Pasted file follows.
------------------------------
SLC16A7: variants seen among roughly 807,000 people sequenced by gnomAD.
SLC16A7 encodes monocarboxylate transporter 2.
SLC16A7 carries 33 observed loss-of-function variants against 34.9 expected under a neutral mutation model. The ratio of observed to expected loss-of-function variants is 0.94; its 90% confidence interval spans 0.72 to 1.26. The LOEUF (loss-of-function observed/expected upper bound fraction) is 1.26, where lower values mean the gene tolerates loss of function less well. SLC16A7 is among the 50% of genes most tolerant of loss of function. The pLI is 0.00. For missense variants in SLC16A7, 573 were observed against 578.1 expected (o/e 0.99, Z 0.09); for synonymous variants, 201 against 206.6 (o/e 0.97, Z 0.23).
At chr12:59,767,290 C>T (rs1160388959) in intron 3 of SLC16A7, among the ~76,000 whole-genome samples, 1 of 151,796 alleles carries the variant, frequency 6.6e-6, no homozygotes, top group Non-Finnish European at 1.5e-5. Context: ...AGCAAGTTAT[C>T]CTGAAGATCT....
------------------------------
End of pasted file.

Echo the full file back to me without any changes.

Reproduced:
SLC16A7: variants seen among roughly 807,000 people sequenced by gnomAD.
SLC16A7 encodes monocarboxylate transporter 2.
SLC16A7 carries 33 observed loss-of-function variants against 34.9 expected under a neutral mutation model. The ratio of observed to expected loss-of-function variants is 0.94; its 90% confidence interval spans 0.72 to 1.26. The LOEUF (loss-of-function observed/expected upper bound fraction) is 1.26, where lower values mean the gene tolerates loss of function less well. SLC16A7 is among the 50% of genes most tolerant of loss of function. The pLI is 0.00. For missense variants in SLC16A7, 573 were observed against 578.1 expected (o/e 0.99, Z 0.09); for synonymous variants, 201 against 206.6 (o/e 0.97, Z 0.23).
At chr12:59,767,290 C>T (rs1160388959) in intron 3 of SLC16A7, among the ~76,000 whole-genome samples, 1 of 151,796 alleles carries the variant, frequency 6.6e-6, no homozygotes, top group Non-Finnish European at 1.5e-5. Context: ...AGCAAGTTAT[C>T]CTGAAGATCT....